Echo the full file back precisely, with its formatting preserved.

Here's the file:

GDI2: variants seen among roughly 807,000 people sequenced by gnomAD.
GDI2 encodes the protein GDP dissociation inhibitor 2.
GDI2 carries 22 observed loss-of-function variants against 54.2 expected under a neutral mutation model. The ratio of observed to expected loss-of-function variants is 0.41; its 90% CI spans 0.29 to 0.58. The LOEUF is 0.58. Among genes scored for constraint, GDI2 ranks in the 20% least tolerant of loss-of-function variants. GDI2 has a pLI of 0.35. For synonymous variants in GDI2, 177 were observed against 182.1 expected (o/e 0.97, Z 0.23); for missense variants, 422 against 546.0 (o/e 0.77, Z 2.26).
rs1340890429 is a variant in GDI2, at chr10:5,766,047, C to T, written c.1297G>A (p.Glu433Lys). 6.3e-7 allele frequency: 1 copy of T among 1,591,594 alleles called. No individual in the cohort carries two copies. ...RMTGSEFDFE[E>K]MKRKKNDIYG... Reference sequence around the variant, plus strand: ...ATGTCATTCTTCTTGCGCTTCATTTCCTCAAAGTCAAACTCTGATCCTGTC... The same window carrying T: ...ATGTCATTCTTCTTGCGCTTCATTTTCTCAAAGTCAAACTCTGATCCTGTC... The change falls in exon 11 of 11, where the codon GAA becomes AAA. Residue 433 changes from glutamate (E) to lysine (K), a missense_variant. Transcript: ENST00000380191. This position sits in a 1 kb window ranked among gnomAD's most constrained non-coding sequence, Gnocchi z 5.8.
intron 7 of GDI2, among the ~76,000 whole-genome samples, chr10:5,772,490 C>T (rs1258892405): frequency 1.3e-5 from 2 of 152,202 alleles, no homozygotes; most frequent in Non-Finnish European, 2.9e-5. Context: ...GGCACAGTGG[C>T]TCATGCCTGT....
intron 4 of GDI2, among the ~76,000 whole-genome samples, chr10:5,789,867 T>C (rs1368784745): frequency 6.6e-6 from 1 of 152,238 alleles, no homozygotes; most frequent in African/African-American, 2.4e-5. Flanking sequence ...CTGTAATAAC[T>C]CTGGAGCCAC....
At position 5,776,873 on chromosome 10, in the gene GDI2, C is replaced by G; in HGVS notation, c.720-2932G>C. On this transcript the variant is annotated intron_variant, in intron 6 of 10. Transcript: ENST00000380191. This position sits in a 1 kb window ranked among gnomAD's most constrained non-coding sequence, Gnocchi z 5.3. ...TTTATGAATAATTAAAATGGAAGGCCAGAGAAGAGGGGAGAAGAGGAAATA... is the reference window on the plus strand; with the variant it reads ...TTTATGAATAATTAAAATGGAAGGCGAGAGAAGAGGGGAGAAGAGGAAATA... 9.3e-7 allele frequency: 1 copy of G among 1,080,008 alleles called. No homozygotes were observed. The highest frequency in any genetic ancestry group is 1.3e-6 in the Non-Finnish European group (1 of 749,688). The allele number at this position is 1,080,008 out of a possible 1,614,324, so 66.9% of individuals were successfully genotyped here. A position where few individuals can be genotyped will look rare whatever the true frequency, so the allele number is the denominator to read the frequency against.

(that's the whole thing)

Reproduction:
GDI2: variants seen among roughly 807,000 people sequenced by gnomAD.
GDI2 encodes the protein GDP dissociation inhibitor 2.
GDI2 carries 22 observed loss-of-function variants against 54.2 expected under a neutral mutation model. The ratio of observed to expected loss-of-function variants is 0.41; its 90% CI spans 0.29 to 0.58. The LOEUF is 0.58. Among genes scored for constraint, GDI2 ranks in the 20% least tolerant of loss-of-function variants. GDI2 has a pLI of 0.35. For synonymous variants in GDI2, 177 were observed against 182.1 expected (o/e 0.97, Z 0.23); for missense variants, 422 against 546.0 (o/e 0.77, Z 2.26).
rs1340890429 is a variant in GDI2, at chr10:5,766,047, C to T, written c.1297G>A (p.Glu433Lys). 6.3e-7 allele frequency: 1 copy of T among 1,591,594 alleles called. No individual in the cohort carries two copies. ...RMTGSEFDFE[E>K]MKRKKNDIYG... Reference sequence around the variant, plus strand: ...ATGTCATTCTTCTTGCGCTTCATTTCCTCAAAGTCAAACTCTGATCCTGTC... The same window carrying T: ...ATGTCATTCTTCTTGCGCTTCATTTTCTCAAAGTCAAACTCTGATCCTGTC... The change falls in exon 11 of 11, where the codon GAA becomes AAA. Residue 433 changes from glutamate (E) to lysine (K), a missense_variant. Transcript: ENST00000380191. This position sits in a 1 kb window ranked among gnomAD's most constrained non-coding sequence, Gnocchi z 5.8.
intron 7 of GDI2, among the ~76,000 whole-genome samples, chr10:5,772,490 C>T (rs1258892405): frequency 1.3e-5 from 2 of 152,202 alleles, no homozygotes; most frequent in Non-Finnish European, 2.9e-5. Context: ...GGCACAGTGG[C>T]TCATGCCTGT....
intron 4 of GDI2, among the ~76,000 whole-genome samples, chr10:5,789,867 T>C (rs1368784745): frequency 6.6e-6 from 1 of 152,238 alleles, no homozygotes; most frequent in African/African-American, 2.4e-5. Flanking sequence ...CTGTAATAAC[T>C]CTGGAGCCAC....
At position 5,776,873 on chromosome 10, in the gene GDI2, C is replaced by G; in HGVS notation, c.720-2932G>C. On this transcript the variant is annotated intron_variant, in intron 6 of 10. Transcript: ENST00000380191. This position sits in a 1 kb window ranked among gnomAD's most constrained non-coding sequence, Gnocchi z 5.3. ...TTTATGAATAATTAAAATGGAAGGCCAGAGAAGAGGGGAGAAGAGGAAATA... is the reference window on the plus strand; with the variant it reads ...TTTATGAATAATTAAAATGGAAGGCGAGAGAAGAGGGGAGAAGAGGAAATA... 9.3e-7 allele frequency: 1 copy of G among 1,080,008 alleles called. No homozygotes were observed. The highest frequency in any genetic ancestry group is 1.3e-6 in the Non-Finnish European group (1 of 749,688). The allele number at this position is 1,080,008 out of a possible 1,614,324, so 66.9% of individuals were successfully genotyped here. A position where few individuals can be genotyped will look rare whatever the true frequency, so the allele number is the denominator to read the frequency against.